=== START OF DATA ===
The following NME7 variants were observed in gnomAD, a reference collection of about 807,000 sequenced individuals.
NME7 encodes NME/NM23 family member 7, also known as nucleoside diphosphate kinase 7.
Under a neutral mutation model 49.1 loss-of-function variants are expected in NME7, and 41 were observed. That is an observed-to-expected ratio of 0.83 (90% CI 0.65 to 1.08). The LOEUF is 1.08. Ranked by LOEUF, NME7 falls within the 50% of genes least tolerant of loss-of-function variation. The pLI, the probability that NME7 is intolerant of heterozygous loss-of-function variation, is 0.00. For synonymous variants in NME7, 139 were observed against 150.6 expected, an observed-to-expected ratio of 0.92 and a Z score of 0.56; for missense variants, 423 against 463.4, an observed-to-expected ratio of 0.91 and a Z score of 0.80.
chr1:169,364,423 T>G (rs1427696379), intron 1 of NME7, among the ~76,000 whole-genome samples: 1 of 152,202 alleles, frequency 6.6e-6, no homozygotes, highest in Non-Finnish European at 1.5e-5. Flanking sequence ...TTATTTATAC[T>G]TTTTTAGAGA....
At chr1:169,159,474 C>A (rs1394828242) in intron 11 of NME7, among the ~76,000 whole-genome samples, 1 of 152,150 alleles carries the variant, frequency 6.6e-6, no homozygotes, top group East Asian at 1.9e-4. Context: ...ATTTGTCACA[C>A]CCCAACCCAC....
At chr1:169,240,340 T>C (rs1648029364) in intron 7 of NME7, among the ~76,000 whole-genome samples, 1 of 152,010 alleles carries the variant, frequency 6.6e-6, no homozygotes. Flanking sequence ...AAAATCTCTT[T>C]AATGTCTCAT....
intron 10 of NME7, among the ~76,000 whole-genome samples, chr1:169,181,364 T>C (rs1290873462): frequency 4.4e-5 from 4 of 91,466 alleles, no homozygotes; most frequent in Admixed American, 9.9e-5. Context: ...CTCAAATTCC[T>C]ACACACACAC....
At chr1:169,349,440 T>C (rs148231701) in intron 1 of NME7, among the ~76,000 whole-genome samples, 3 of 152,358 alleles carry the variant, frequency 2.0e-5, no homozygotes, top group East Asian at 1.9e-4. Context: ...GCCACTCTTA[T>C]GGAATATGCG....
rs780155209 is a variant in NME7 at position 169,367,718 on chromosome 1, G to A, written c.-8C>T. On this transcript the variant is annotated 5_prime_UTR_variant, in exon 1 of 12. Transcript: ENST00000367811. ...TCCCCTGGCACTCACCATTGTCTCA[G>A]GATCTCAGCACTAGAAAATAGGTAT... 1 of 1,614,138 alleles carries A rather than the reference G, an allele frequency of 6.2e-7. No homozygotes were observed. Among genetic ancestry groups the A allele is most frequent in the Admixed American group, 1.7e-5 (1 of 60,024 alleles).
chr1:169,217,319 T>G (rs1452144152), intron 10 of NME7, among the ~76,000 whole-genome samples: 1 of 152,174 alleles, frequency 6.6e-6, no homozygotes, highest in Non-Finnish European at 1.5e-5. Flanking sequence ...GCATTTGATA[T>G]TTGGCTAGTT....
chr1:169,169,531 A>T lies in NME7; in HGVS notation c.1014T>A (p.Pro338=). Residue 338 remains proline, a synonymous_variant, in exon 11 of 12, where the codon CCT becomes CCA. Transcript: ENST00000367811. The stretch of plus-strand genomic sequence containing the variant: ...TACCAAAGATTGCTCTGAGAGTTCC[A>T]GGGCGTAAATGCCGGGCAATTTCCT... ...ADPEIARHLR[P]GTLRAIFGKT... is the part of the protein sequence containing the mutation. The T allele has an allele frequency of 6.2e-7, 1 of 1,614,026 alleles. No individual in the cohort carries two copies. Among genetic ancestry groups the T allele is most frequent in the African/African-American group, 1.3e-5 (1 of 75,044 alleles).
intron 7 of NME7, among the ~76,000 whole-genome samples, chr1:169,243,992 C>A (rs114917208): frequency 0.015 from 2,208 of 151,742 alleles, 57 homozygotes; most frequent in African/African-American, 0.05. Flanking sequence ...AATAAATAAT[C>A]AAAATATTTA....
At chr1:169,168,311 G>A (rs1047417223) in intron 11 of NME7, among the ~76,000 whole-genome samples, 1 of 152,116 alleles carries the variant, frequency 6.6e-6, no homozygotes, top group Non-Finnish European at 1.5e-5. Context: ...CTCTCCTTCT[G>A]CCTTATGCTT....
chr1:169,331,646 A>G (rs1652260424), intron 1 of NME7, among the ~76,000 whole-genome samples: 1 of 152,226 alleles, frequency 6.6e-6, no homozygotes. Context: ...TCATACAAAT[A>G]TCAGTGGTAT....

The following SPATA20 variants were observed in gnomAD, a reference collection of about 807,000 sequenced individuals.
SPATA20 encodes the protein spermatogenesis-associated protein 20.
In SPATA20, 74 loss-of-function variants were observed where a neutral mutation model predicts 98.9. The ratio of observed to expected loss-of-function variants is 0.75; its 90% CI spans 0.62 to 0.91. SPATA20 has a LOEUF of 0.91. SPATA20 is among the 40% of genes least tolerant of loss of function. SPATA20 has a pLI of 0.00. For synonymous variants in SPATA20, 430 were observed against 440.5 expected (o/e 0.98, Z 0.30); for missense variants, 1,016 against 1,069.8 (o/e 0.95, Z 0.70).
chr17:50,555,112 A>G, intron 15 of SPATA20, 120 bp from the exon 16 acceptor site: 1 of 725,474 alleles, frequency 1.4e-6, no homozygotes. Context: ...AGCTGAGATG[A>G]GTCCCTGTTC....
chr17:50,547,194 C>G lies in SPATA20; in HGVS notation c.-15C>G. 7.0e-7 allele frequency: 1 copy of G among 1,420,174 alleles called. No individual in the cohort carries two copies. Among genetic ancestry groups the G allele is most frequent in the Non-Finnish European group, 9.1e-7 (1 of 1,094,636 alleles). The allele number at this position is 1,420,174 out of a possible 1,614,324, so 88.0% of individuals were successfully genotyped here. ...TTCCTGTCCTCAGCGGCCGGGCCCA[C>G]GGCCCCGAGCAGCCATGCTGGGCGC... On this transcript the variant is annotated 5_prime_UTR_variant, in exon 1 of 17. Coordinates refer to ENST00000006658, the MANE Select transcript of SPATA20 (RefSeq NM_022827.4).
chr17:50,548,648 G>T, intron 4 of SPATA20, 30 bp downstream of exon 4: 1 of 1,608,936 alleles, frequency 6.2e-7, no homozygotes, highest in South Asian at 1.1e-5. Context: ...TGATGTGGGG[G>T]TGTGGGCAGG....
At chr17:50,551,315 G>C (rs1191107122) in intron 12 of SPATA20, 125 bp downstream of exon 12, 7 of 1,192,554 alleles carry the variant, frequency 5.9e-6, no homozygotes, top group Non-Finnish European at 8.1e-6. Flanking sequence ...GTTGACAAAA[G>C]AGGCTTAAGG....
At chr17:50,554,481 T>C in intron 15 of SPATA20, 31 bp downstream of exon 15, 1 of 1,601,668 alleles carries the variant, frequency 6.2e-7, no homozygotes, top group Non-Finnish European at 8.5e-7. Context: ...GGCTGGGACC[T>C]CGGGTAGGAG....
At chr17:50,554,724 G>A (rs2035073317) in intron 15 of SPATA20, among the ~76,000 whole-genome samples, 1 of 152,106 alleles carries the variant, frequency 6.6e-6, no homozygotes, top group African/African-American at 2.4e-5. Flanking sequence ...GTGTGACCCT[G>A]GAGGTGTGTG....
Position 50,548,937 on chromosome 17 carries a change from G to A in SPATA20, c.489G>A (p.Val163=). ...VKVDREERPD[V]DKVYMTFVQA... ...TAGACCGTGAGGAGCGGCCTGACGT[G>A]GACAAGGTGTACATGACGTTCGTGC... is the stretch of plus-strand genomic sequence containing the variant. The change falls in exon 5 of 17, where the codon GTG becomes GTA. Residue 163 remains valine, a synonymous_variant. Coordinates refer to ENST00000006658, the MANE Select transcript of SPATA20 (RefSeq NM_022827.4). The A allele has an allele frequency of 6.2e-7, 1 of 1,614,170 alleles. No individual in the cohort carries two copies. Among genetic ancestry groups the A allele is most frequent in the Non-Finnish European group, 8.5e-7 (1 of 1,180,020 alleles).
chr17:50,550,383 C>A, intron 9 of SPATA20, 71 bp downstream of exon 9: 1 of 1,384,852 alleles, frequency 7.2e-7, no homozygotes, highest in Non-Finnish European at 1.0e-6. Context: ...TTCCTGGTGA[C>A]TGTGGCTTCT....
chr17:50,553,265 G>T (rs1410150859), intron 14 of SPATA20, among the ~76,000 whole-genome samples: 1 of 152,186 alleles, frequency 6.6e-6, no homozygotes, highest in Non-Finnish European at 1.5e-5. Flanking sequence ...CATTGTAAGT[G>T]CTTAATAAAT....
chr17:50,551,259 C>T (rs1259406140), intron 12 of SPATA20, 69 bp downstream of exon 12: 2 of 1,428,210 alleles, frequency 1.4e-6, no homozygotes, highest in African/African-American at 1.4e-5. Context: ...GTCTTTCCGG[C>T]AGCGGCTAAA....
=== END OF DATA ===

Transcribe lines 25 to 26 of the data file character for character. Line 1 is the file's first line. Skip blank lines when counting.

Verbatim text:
chr17:50,550,383 C>A, intron 9 of SPATA20, 71 bp downstream of exon 9: 1 of 1,384,852 alleles, frequency 7.2e-7, no homozygotes, highest in Non-Finnish European at 1.0e-6. Context: ...TTCCTGGTGA[C>A]TGTGGCTTCT....
chr17:50,553,265 G>T (rs1410150859), intron 14 of SPATA20, among the ~76,000 whole-genome samples: 1 of 152,186 alleles, frequency 6.6e-6, no homozygotes, highest in Non-Finnish European at 1.5e-5. Flanking sequence ...CATTGTAAGT[G>T]CTTAATAAAT....